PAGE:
Now - six hours a night and I'm bright and breezy! And if I'm a bit knackered after a busy day - well, it's nothing that an early night or a coffee in the morning won't fix!


Then - the word 'hungry' doesn't even cover it. Endurance athletes will know that after a big session, you're so hungry that you feel like your body is starting to devour itself from the inside, and if you don't eat something substantial, right now, you might pass out. Sometimes a massive meal won't even touch the sides. I'd often eat a huge plate and then have toast for pudding.

Now - if I get a bit peckish, the feeling will often go away on its own. Failing that, a cuppa or some fruit fills me right up.

Body shape:

Then - see my previous blog on this subject. Big shoulders, big quads and callouses on our hands that can rip a pashmina to pieces (and I simply CANNOT live without a pashmina, darling).

Now - My shoulders, arms and quads are slowly deflating, and I can wear rings on my fingers again after eight years of being unable to squeeze them over callouses.

Drugs testing:

Then - a daily requirement to inform UK Anti-Doping of my location under the 'Whereabouts' rules, so they could test me whenever they wished, was a constant source of stress and it's only now I can appreciate how much it was on my mind. Early morning or late night noises that sounded anything like a knock at the door had me jumping out of bed to rush downstairs to see if it was the testers, because failing to hear them at the door counted as a missed test, and three missed tests would have automatically meant the humiliation of a life ban.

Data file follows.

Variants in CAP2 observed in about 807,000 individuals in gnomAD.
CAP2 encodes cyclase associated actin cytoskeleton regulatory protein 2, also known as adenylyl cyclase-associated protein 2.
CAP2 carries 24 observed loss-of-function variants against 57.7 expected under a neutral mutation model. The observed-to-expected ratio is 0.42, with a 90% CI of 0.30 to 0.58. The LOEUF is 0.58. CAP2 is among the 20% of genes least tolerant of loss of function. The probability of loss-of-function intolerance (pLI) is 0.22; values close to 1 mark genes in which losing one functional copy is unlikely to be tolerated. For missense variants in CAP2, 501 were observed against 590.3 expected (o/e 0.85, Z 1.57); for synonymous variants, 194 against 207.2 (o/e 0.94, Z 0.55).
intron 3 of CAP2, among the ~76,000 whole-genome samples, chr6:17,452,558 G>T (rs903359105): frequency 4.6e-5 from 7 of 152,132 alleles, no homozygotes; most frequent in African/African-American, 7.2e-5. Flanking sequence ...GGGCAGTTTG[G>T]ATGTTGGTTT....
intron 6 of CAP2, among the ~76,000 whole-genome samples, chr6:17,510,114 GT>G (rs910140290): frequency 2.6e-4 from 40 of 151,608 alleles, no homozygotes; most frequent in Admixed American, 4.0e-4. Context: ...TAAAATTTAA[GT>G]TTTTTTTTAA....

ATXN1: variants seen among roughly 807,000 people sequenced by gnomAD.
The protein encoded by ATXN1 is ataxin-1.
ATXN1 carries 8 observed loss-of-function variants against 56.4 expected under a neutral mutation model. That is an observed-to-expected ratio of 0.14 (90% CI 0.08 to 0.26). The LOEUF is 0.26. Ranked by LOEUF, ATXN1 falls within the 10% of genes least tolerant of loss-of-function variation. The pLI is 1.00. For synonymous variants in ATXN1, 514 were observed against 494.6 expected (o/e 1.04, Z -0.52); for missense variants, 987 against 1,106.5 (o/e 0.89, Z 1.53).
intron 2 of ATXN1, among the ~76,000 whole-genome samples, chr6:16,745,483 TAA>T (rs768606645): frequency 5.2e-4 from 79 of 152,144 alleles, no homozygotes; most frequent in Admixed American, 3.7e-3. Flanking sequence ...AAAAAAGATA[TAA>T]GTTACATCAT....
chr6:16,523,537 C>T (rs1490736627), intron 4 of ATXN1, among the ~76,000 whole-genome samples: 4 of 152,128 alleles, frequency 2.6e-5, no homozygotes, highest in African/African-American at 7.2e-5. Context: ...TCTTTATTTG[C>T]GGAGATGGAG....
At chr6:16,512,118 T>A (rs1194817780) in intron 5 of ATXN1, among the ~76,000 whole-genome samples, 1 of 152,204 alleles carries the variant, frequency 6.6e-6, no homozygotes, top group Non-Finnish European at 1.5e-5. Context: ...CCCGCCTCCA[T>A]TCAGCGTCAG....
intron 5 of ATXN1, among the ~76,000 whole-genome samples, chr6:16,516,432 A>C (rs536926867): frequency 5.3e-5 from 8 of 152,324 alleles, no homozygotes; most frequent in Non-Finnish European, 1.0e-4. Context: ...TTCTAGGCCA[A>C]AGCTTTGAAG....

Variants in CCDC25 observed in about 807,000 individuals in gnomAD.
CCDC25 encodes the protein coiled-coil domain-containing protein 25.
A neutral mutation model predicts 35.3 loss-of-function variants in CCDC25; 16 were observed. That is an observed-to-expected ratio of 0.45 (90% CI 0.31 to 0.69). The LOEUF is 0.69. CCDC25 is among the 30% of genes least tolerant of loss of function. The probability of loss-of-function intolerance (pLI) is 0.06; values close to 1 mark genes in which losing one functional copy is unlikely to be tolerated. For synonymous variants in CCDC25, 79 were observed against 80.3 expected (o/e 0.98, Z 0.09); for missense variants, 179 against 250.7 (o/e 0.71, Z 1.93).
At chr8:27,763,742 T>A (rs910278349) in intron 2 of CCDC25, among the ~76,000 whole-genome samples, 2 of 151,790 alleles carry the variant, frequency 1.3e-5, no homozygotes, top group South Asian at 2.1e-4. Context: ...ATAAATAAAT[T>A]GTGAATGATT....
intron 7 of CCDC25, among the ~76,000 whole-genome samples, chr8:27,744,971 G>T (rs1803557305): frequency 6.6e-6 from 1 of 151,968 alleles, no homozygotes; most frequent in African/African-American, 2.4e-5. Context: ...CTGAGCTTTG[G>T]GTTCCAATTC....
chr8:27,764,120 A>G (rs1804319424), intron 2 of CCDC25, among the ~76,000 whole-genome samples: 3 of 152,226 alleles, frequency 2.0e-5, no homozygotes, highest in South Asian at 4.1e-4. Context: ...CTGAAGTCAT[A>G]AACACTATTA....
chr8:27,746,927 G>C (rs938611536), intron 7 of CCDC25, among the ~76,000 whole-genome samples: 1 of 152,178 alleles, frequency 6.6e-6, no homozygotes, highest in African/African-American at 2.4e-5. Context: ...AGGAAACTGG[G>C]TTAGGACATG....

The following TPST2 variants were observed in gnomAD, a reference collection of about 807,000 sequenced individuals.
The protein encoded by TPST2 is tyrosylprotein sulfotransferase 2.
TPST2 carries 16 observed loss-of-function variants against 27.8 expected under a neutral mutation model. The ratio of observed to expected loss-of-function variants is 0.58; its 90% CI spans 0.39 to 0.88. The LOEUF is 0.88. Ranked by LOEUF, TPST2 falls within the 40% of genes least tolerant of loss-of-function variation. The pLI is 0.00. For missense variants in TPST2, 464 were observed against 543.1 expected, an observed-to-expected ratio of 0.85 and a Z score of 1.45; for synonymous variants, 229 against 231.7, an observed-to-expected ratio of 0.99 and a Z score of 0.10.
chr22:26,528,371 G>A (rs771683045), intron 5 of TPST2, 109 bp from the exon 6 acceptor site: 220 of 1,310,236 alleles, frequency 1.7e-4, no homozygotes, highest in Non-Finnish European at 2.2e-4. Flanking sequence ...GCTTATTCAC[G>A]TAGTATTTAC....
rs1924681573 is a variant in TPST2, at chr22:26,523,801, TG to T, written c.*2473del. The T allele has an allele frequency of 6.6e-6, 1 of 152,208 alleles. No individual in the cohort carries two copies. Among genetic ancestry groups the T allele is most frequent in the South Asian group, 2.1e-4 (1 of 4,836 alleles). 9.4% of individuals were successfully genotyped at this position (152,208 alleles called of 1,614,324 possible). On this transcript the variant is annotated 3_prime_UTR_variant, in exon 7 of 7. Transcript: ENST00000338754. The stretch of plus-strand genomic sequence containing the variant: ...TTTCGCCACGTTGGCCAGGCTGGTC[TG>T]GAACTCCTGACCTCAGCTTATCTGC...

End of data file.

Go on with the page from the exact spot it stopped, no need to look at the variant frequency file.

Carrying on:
Now - I don't need to tell anyone where I am! When I'm on holiday I no longer have to text in regular updates! I'm free! This has without a doubt been the most joyous change to my life, and I didn't realise how much 'Whereabouts' was constantly on my mind until it was taken away.

Of course, I'm focusing on the extremes of the bad bits about being a full-time athlete. Being tired, stressed and hungry all the time are things I won't miss about rowing, but at the same time that feeling of always working towards a goal, and being part of a mission, is hard to let go of.

I have spent the last eight years in the company of a group of ambitious, passionate women who are great fun to be around and are some of the best in the world at their job.

Whatever I do next, however rewarding it may be, will never allow me again to say that I spend every day working towards my dreams.


  • Comment number 1.

    Good luck Annie in whatever you chose to do next.

  • Comment number 2.

    Really good insight in to the ‘cost’ of being an elite athlete. It must be strange not to have that routine that had been so much part of your life for so long. But at the same time I suppose the reward is you can pursue other interests and have family time. How difficult is it to find something new to fill the void? This must be a challenge for all athletes who are retiring from something that has been central to their life but are still at an age when you cannot just retire in the more conventional sense.